6. To provide for the substantial capital outlay and implement coastal and flood protection in a fiscally sustainable manner, DPM announced in his Budget Speech that a Coastal and Flood Protection Fund will be set up within PUB, with an initial injection of $5 billion from the Government’s FY2020 Budget.

7. We will use this fund prudently to implement coastal protection measures, which could include sea walls, tidal gates and pumping stations. These are all being studied, and may need to be deployed together to prevent flooding. The Fund will also be used to help PUB expand Singapore’s drainage infrastructure to cope with more intense rainfall arising from climate change.

8. The Coastal and Flood Protection Fund signals the Government’s resolve in tackling long-term existential challenges such as climate change.  PM mentioned at the National Day Rally last year that climate change adaptation might cost $100 billion or more over the next 100 years. Given the significant outlay, we will need a combination of funding methods to finance our adaptation measures. The Coastal and Flood Protection Fund will be just one source of funding. We will study this closely and assess what other appropriate funding sources should be used. These sources may include budgets of Ministries, borrowing, and tapping on Past Reserves where land reclamation is involved. Climate change defence is existential for Singapore. PM also said in his National Day Rally speech, that everything else must bend at the knees to safeguard the existence of our island nation. Planning and investing long-term for coastal defences and national flood protection will be critical to ensure that Singapore has adequate resources to meet this challenge.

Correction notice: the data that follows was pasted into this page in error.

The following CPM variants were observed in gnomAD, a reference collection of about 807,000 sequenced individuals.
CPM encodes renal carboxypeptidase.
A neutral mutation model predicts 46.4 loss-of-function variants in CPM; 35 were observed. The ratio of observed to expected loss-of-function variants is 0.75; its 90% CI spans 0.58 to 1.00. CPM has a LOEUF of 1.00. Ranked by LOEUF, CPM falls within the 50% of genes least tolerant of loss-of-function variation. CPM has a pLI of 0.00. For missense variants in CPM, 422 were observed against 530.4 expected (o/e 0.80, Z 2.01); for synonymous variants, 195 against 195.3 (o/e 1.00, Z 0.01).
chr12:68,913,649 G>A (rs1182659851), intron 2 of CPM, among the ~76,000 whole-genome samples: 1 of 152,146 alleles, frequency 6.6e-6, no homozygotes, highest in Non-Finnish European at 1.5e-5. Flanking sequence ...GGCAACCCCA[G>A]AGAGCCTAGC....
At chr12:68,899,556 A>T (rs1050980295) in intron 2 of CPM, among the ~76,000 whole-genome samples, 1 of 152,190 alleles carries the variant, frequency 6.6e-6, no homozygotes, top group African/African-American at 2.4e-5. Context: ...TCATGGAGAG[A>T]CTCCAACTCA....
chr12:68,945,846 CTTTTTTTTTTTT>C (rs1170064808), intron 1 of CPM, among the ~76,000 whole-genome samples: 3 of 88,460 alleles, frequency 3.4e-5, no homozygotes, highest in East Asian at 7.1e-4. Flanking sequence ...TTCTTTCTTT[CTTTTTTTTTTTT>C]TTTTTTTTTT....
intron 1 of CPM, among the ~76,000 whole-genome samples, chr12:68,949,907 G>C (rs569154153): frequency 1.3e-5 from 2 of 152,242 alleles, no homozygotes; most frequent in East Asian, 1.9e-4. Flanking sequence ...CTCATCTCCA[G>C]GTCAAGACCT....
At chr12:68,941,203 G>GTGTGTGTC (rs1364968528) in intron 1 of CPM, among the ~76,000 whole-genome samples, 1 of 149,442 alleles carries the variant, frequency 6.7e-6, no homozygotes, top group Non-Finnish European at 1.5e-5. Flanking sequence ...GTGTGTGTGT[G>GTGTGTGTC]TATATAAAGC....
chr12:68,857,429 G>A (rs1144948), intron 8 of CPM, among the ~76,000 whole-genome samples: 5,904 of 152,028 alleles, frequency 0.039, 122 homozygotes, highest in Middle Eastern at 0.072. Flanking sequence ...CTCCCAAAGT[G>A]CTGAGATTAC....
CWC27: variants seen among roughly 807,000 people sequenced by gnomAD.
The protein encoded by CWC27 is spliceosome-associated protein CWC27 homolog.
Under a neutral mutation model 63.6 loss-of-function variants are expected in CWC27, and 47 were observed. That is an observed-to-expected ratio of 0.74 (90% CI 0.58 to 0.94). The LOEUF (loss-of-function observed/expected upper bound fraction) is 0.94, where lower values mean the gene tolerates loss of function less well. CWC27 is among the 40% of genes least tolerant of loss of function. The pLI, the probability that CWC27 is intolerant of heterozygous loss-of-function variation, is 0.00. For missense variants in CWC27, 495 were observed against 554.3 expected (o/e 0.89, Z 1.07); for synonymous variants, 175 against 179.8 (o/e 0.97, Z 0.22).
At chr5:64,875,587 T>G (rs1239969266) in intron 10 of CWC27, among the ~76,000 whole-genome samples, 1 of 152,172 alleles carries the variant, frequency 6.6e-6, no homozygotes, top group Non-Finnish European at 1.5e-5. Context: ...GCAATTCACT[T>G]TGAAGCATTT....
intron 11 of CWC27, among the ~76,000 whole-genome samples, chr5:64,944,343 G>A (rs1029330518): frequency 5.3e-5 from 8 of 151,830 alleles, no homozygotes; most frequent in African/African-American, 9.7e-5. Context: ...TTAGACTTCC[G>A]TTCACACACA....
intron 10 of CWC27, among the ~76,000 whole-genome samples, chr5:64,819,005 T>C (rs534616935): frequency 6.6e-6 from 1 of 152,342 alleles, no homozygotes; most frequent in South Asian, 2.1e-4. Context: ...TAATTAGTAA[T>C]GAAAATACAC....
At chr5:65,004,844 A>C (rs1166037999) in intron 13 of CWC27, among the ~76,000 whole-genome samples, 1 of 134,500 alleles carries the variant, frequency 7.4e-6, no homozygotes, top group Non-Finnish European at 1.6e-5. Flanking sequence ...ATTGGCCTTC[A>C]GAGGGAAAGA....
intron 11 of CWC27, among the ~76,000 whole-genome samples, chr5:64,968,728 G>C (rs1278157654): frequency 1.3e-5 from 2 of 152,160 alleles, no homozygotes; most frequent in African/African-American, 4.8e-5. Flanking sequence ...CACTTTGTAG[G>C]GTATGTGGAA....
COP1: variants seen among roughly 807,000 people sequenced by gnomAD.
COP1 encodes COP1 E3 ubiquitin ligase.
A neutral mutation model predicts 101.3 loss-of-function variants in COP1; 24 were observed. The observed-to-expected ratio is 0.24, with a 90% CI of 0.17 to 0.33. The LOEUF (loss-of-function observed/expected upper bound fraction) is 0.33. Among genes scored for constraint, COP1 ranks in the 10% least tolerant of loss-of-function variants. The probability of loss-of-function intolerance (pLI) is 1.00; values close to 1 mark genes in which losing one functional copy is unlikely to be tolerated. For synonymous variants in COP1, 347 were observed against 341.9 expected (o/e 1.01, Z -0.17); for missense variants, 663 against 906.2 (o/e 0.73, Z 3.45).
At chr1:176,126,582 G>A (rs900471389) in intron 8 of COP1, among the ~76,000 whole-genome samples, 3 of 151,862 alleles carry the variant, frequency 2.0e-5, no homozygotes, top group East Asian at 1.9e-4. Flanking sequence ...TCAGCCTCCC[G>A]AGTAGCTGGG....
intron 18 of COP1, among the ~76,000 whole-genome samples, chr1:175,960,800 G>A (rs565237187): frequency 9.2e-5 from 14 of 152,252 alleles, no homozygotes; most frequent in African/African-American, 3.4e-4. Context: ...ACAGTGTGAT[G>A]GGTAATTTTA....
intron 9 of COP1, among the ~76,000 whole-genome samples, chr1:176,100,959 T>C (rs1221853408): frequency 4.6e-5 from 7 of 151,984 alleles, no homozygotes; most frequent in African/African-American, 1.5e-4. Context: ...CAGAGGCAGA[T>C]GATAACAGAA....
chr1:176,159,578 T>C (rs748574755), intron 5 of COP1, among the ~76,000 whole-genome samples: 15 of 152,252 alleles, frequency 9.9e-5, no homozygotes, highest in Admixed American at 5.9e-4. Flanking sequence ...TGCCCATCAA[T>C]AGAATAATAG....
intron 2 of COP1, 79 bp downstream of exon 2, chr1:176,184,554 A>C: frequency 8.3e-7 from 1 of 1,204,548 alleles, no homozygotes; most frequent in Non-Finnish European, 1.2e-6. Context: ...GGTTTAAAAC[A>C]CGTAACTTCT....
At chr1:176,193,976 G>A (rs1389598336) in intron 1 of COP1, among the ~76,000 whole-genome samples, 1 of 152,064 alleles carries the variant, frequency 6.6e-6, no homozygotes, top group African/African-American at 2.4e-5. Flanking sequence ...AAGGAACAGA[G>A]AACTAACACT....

9. The second group of amendments will provide for legislative safeguards over our water infrastructure, especially water supply plants. As the House is aware, we have been diversifying our water sources by building up our four national taps over the decades. The intent is to safeguard our water security.